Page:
Mr. Obama said all Americans, including himself, "hated" the bank bailout - but said that it was "necessary" to keep businesses from closing and homes from being lost. He proposed giving $30 billion of the money the banks have returned to the government "to help community banks give small businesses the credit they need to stay afloat."
The president also defended his record, saying that he took office as America faced a second recession. Thanks in large part to the stimulus bill, he said, "the worst of the storm has passed." Yet he acknowledged the hard times that have endured.
"One in ten Americans still cannot find work," he said. "Many businesses have shuttered. Home values have declined. Small towns and rural communities have been hit especially hard. For those who had already known poverty, life has become that much harder."
The president called for "a new generation of safe, clean nuclear power plants," as well as "opening new offshore areas for oil and gas development," garnering applause from Republicans in the audience. He then turned to a proposal far less popular with GOP lawmakers: A comprehensive energy and climate bill.
"I know there have been questions about whether we can afford such changes in a tough economy; and I know that there are those who disagree with the overwhelming scientific evidence on climate change," he said. "But even if you doubt the evidence, providing incentives for energy efficiency and clean energy are the right thing to do for our future - because the nation that leads the clean energy economy will be the nation that leads the global economy. And America must be that nation."
The president said his administration has "renewed our focus on the terrorists who threaten our nation." He said "we are filling unacceptable gaps revealed by the failed Christmas attack, with better airline security, and swifter action on our intelligence."
He said hundreds of Al Qaeda's fighters and affiliates have been captured or killed and said that in Afghanistan "will reward good governance, reduce corruption, and support the rights" of the Afghan people.
When it comes to the Iraq war, he said "make no mistake: this war is ending, and all of our troops are coming home."
The president called the threat of nuclear weapons "perhaps the greatest danger to the American people." He vowed to bring dozens of countries together with the goal of "securing all vulnerable nuclear materials around the world in four years, so that they never fall into the hands of terrorists."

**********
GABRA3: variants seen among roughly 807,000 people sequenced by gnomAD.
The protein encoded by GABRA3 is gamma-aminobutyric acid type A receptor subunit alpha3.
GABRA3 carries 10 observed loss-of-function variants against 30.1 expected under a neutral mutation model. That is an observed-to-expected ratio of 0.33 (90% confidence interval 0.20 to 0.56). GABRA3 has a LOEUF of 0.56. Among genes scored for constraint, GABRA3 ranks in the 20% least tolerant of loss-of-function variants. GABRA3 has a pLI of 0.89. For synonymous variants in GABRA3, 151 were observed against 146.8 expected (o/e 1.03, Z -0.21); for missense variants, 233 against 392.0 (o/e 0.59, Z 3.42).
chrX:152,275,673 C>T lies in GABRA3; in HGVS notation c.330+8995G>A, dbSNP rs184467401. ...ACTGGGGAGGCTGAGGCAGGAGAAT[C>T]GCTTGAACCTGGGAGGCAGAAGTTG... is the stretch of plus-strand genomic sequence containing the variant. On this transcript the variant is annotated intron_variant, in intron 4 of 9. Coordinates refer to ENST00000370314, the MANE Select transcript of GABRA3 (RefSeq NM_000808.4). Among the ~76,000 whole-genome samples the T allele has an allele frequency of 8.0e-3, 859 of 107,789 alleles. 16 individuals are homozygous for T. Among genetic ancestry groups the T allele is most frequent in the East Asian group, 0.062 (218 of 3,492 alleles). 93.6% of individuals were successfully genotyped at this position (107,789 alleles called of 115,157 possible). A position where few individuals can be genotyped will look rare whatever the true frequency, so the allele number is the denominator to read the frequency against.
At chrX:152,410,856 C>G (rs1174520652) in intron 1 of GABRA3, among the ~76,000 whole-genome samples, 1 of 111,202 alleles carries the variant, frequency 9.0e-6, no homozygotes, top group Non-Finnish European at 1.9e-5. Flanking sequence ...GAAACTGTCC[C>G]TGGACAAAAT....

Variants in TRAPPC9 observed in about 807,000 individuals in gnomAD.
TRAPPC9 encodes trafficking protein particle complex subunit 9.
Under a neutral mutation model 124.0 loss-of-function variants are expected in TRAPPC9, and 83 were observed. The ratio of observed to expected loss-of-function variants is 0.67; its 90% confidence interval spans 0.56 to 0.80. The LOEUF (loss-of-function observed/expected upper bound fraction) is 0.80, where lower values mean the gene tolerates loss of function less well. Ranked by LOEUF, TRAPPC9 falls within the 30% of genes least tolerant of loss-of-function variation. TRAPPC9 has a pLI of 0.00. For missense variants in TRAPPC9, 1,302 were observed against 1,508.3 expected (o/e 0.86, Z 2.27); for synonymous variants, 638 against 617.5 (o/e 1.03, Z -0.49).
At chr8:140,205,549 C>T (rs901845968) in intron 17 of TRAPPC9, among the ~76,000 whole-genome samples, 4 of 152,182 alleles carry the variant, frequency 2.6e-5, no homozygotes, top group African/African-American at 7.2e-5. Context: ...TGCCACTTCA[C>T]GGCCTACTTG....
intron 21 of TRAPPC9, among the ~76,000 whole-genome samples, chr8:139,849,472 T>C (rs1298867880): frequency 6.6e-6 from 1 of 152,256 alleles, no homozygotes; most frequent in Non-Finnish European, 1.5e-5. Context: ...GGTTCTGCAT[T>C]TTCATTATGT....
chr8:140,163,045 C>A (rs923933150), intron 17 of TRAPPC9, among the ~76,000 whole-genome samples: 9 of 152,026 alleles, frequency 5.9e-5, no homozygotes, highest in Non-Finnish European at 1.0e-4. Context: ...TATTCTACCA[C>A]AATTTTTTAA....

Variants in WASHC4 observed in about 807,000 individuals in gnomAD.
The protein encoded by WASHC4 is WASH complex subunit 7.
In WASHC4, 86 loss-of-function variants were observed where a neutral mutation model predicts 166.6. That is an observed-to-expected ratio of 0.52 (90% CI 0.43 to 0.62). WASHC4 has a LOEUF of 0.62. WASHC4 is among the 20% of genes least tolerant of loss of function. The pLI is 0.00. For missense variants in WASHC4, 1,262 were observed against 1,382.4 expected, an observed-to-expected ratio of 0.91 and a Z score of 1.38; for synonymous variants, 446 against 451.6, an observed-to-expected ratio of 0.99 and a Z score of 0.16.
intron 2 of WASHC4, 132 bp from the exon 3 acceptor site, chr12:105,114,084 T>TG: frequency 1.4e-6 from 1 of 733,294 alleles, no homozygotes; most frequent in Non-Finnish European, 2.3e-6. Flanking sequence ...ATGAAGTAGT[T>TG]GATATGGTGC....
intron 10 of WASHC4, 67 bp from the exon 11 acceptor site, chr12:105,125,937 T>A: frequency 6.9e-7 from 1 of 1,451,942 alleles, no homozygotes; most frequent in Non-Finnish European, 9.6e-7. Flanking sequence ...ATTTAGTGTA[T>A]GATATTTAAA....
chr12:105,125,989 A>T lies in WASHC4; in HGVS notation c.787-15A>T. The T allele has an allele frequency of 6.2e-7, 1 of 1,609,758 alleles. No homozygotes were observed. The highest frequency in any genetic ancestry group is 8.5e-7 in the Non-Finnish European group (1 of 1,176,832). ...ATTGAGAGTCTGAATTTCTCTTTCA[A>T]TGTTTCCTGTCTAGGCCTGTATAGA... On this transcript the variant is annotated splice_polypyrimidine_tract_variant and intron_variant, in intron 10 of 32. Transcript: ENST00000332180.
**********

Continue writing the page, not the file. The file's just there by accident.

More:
Should Iran "continue to ignore their obligations," he added, they will face "growing" consequences.
On education, the president called for passage of a bill to revitalize community colleges, saying that "in the United States of America, no one should go broke because they chose to go to college."
Mr. Obama also touched on regulatory reform, saying that while he is "not interested in punishing banks" in the wake of the economic meltdown, he is interested in protecting the economy.
"The lobbyists are already trying to kill it," he said. "Well, we cannot let them win this fight. And if the bill that ends up on my desk does not meet the test of real reform, I will send it back."
"I don't think American elections should be bankrolled by America's most powerful interests, or worse, by foreign entities," the president said. "They should be decided by the American people, and that's I'd urge Democrats and Republicans to pass a bill that helps correct some of these problems."
CBS News Chief Legal Correspondent Jan Crawford, called the rebuke of the "extraordinary." Six of the justices involved in the 5-4 decision, including Chief Justice John Roberts, were in the House chamber to hear Mr. Obama's speech.
Mr. Obama called for requirements that lobbyists disclose any contact they have with the administration or Congress on behalf of a client - and for "strict limits on the contributions that lobbyists give to candidates for federal office."